Palm Afraid of anti-"TiVoization"

Palm Inc. with the release of their Linux powered smartphone called the Pre, now has a vested interest in the group of manufacturers using Linux as their embedded OS. As opposed to companies like Apple and their BSD based OSX in the iPhone Linux devices have certain source code disclosure obligations under the GNU Public License.

When a new manufacturer enters this group with such an innovative device hackers are ecstatic because they see something that they can shape and mold to do things with that the manufacturer is too scared to do or doesn't care about. This will make content and network providers nervous as it would cause weak DRM to be ineffective and possibly allow networks to be abused or be used in such a way as to deprive the provider of fees (think a free tethering application which is usually a monthly charge).

TiVo Inc. as part of this group is in a similar position with their Linux-powered DVR; when it was found that they were storing the raw and perfect mpeg2 bitstream from the DirecTV sattelites on the TiVo's hard drive unenecrypted much end-user DVD burning and sharing ensued. Needless to say DirecTV was not happy with this, and thus began the TiVo lockdown.

One of the main tenets of the 3rd and latest version of GNU Public License [GPLv3] is to block TiVoization. TiVoization refers to the popular time-shifting DVR made by TiVo Inc. and how it used GPL software internally (Linux, et. al.) but actively blocked end users from exercising their rights provided to them by the GPL by locking down the hardware so that software changes could not be effected.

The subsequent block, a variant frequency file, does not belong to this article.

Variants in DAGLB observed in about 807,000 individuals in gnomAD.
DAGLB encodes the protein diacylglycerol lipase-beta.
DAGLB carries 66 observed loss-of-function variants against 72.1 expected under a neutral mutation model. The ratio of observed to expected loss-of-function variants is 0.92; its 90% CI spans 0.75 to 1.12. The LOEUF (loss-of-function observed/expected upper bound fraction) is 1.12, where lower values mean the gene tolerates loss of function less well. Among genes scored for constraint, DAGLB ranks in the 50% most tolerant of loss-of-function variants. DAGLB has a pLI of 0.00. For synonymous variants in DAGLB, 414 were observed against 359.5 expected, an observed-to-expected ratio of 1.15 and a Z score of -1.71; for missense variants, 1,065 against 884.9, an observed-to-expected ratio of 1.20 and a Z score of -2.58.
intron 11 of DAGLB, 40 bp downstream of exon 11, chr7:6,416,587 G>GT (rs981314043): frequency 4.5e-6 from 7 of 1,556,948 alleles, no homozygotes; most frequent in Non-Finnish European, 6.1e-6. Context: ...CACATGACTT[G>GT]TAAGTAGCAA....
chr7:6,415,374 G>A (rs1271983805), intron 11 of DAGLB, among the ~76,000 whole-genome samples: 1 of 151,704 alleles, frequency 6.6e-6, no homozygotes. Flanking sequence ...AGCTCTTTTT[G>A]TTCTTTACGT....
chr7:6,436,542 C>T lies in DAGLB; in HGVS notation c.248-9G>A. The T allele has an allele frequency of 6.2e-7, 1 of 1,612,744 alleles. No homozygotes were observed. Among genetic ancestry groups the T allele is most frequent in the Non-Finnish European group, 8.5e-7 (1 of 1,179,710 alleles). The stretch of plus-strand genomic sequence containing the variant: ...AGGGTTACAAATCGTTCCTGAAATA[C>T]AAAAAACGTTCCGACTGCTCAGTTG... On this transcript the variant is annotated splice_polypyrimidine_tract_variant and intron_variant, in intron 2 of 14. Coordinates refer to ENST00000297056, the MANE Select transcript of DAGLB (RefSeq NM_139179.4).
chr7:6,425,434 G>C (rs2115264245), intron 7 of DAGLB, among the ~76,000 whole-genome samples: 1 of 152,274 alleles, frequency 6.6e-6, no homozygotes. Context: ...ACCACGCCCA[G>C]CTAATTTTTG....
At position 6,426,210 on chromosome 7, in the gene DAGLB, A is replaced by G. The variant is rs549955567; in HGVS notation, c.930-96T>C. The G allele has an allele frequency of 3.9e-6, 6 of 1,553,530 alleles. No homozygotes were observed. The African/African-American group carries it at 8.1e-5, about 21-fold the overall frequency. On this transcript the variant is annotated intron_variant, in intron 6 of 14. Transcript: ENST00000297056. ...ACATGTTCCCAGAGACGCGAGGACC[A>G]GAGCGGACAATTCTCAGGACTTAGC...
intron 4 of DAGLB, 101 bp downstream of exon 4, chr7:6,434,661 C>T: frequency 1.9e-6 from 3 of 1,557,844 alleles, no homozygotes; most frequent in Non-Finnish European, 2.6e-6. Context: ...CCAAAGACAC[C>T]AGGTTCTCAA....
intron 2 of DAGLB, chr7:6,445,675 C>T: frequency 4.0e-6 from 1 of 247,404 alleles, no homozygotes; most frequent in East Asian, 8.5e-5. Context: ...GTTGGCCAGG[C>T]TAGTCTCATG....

From an article by Richard Stallman: "One major danger that GPLv3 will block is tivoization. Tivoization means computers (called “appliances”) contain GPL-covered software that you can't change, because the appliance shuts down if it detects modified software. The usual motive for tivoization is that the software has features the manufacturer thinks lots of people won't like. The manufacturers of these computers take advantage of the freedom that free software provides, but they don't let you do likewise." Why Upgrade to GPLv3

Some code is flexible in its license and gives the user the option of "either version 2 of the License, or (at your option) any later version". One such piece of code is found in the Linux kernel drivers drivers/usb/class/cdc-acm.c. Obviously GPLv3 and GPLv2 are incompatible and with the Linux kernel being licensed under GPLv2 we can't have drivers that are GPLv3, but I would be able to use any of that code in my GPLv3 application because the original author gave me the option to license the code under any later version of the GPL. In fact, that clause also makes it easier for the Linux kernel to move to GPLv3 if there was ever a great attempt to do so.

So why, while adding some functionality to this file, did Palm take it upon themselves to remove from the license this right? As there were 6 other copyright holders over the last 10 years how do they figure that they had that right?

Here is an excerpt from the patch showing where Palm excised the license text that allowed the use of this source under the GPLv3. There may be other similar changes but I cite this as my only example as I have not personally reviewed the over 350,000 lines of code in this patch or any of the other 50+ patches. Palm Open Source Packages


I don't know if I want to welcome another poor-sport manufacturer to the group, hopefully this was just an accident/misunderstanding that will be rectified and not repeated. It really would be great to see a manufacturer embrace the hacker subculture kind of like id's early games. But maybe having a device be too open takes some of the excitement out of the game for hackers (see the lackluster response to the openmoko).

For another post I need to complain about the fashion in which Palm is providing these patches to the community, obviously they are using GIT and could allow anonymous access which at least preserve the change history. This is really detrimental to the upstream and downstream projects as there is no chance that Linus is going allow a 350,000 line patch to to be applied to the Linux kernel.